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For our benches we used an AMD Phenom II X4 965 Black Edition, so the graphics-intense benches would not suffer by CPU limitation that much.

Our benchmarks are quite self-explanatory. Intel i5/i7 CPUs are benched without HT and without Turbo to get a clock by clock comparison. While we would also expect that any AMD board should perform at the same level, which is now true on the i5/i7 boards, there are some small differences. Of course you won't noticed them.  

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Here it gets quite interesting especially with FarCry2. We were quite sure that the 128MB Sideport memory does have a huge impact on the results and even a 200MHz IGP overclock would not catch it. But the astonishing thing is, that the old DKA790GX which clocks the IGP the same as Elitegroup with 700MHz and doesn't feature any sideport memory does beat the newcomer. We have no explanation for that fact, maybe it has something to do with driver-optimizing. Of course we tested only the IGP boards, so 3DMark03 is running with 1024x768 setting.

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While we did believe we will see some new lows on idle-power consumption, MSI has set a new milestone. With about 13W less compared to their old DKA790GX board and also beat Elitegroup by about 11W, this is the first board to manage an idle power of under 50W with the most power-hungry AMD CPU.

Under load of course the AMD CPU is not really great. Please notice we only tested the first three boards with IGP, while all other benches include a HD 4850 graphics-card. So even with a graphics card installed which will draw about 50W in idle, the efficiency on Intel CPUs is unmatched.

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The new 785G chipset is just an evolutionary step from the 780G. With the UVD2 it now also features Picture in Picture for Blu-Rays which is especially important for HTPCs.


Conclusion:


Elitegroup A785GM-M:

The Elitegroup board features the best layout and the best backpanel with all the features you can wish for. Sadly, that is ruined by a very weak VRM implementation and a disappointing BIOS. We are in constant mail-contact with Elitegroup and the person on the other end is very helpful and understanding, but that will not help if the BIOS team is unable to fix problems soon. It took them two weeks to fix a bug with the memory timing when set manually. Looking on the website a fixed BIOS is still not available for the end-user. When Elitegroup is serious with the retail-market they need to put much more effort for their customers and have a own team which is seperated from the OEM guys. The board is an all solid capacitor design, but still have cheaper chokes and other design issues, such as sensors not connected, so you have no control for the +3.3V, +5V and +12V rails which is helpful when your system is not running stable. The board is available in Europe for €68.34 while in US you have to pay $89.99 but you get back $18 with mail-in-rebate which will reduce the price to $71.99. As usual we Europeans have to pay more. (That's what we call Liberation Tax. sub.ed.)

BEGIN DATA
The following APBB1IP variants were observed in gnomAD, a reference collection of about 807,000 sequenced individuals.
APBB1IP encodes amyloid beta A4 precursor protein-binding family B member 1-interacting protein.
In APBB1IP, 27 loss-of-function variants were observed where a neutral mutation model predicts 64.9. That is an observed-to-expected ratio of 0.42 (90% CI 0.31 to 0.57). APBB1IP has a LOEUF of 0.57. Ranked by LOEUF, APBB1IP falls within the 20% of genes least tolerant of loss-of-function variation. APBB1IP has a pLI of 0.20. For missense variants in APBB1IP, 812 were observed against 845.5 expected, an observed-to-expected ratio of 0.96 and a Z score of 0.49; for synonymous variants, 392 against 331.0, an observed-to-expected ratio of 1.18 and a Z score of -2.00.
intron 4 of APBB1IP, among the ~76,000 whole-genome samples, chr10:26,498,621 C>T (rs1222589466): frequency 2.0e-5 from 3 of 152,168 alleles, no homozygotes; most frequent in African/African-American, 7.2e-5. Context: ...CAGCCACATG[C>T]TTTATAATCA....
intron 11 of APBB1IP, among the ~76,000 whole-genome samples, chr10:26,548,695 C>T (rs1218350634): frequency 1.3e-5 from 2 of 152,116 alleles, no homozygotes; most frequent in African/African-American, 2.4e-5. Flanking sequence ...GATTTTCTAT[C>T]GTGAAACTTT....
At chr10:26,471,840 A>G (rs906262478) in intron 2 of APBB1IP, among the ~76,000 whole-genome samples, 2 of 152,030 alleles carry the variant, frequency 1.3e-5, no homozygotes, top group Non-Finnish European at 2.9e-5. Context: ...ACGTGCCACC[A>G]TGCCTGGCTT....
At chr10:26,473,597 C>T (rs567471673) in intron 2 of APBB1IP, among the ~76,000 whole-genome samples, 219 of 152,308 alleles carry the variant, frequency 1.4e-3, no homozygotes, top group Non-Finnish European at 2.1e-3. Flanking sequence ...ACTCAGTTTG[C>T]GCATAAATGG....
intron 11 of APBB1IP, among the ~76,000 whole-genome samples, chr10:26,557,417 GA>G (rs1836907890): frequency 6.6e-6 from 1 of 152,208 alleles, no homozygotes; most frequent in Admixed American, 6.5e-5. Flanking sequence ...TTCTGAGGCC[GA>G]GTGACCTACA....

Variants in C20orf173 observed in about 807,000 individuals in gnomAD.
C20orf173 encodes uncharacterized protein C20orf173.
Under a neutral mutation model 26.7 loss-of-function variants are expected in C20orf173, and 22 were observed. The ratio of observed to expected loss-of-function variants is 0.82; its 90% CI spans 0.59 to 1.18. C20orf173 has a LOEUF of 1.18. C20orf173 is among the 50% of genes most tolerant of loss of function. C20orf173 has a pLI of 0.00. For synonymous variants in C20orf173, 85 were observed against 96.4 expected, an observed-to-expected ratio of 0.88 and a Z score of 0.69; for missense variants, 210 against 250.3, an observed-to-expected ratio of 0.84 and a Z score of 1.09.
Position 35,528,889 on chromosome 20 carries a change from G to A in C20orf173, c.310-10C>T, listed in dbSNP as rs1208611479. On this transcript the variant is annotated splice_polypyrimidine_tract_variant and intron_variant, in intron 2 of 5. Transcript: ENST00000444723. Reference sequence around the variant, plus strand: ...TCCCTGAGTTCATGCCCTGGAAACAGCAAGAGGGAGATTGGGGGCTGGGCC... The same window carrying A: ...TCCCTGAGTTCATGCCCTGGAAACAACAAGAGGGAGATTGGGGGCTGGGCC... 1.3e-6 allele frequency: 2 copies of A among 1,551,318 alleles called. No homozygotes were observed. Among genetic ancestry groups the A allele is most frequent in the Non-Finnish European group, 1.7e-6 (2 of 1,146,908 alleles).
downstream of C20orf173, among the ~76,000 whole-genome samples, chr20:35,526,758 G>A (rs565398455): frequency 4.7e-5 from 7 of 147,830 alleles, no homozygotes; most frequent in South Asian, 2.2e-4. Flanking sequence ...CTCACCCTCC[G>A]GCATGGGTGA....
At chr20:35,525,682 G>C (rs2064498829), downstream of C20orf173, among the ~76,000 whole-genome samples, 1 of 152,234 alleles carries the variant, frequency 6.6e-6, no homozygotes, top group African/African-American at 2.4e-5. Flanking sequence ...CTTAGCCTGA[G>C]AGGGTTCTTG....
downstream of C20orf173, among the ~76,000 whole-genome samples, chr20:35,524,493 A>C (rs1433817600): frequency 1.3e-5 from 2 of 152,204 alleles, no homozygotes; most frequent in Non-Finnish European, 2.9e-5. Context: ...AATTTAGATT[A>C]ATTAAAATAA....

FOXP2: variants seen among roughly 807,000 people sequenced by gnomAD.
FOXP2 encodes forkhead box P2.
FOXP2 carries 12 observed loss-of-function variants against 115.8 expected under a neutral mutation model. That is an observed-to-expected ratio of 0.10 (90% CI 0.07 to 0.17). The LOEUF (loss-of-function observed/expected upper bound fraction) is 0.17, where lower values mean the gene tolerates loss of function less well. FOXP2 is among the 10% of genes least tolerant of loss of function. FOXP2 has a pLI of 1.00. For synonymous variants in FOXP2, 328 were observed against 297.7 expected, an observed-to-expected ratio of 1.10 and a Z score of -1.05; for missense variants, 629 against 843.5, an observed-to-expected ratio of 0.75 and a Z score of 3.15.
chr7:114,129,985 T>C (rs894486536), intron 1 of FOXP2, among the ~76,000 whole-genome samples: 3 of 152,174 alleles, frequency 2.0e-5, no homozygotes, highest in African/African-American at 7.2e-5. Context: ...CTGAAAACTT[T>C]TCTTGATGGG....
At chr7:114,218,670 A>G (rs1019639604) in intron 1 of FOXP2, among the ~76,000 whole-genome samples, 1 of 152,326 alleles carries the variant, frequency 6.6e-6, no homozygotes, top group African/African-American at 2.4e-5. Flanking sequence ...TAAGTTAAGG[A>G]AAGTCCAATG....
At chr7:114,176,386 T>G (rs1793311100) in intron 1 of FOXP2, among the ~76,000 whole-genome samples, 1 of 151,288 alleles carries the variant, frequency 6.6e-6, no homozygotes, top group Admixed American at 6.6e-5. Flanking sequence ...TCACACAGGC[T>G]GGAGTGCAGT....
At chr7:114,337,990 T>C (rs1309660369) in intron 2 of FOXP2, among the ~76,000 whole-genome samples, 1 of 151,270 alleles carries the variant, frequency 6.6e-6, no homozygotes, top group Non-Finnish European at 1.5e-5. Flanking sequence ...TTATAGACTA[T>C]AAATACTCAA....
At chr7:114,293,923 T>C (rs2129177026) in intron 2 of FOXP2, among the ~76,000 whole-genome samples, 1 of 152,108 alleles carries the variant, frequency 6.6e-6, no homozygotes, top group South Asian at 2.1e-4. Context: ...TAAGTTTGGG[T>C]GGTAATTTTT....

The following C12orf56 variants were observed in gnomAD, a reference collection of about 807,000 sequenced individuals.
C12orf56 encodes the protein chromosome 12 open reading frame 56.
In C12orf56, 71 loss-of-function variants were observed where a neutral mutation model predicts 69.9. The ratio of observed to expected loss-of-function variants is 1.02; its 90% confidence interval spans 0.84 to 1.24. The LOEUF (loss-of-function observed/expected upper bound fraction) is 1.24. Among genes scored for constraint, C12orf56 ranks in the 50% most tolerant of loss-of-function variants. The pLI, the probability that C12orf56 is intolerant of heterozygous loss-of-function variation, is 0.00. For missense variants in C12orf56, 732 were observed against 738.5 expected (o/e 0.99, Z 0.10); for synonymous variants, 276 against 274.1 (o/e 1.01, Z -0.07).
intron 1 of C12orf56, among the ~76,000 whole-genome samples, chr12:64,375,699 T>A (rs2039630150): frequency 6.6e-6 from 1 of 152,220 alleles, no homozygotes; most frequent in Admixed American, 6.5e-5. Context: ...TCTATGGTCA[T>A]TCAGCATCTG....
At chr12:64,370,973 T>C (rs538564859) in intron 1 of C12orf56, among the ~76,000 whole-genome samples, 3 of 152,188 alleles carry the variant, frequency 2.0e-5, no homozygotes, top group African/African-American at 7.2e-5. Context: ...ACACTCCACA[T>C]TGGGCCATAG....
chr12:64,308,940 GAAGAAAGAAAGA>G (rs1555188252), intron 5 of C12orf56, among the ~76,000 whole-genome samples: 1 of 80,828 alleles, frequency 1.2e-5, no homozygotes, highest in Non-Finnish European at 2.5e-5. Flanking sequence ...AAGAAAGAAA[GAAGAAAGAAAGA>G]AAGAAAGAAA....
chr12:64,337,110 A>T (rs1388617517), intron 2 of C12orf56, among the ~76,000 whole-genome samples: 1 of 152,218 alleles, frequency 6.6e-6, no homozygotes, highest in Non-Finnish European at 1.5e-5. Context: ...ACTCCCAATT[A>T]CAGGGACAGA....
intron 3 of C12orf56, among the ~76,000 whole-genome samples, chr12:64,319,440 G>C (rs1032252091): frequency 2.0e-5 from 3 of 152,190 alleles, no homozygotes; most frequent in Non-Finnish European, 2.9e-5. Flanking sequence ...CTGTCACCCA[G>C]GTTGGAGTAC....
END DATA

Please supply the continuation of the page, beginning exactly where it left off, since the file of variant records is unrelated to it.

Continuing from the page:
MSI 785GM-E65:

MSI can't match the design of the Elitegroup board, having only one PCIe x1 slot and missing the debug led. Also a second eSATA port on the back-panel would not have hurt. In contrast you get a heat-piped cooling system and a much more efficient VRM. While we have tested we got several BIOS upgrades, now even officially unlocking cores. For some unknown reasons this board is not available in Europe, only the downsized E53 version which does neither feature 128MB Sideport memory nor the nice heat-pipe cooling. In US you get the board for $89.99 which is quite competitive. With mail-in-rebate it costs you only $74.99. This deserves our Top Value Award for the most power efficient AMD mainboard so far.

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Last modified on Friday, 24 September 2010 22:30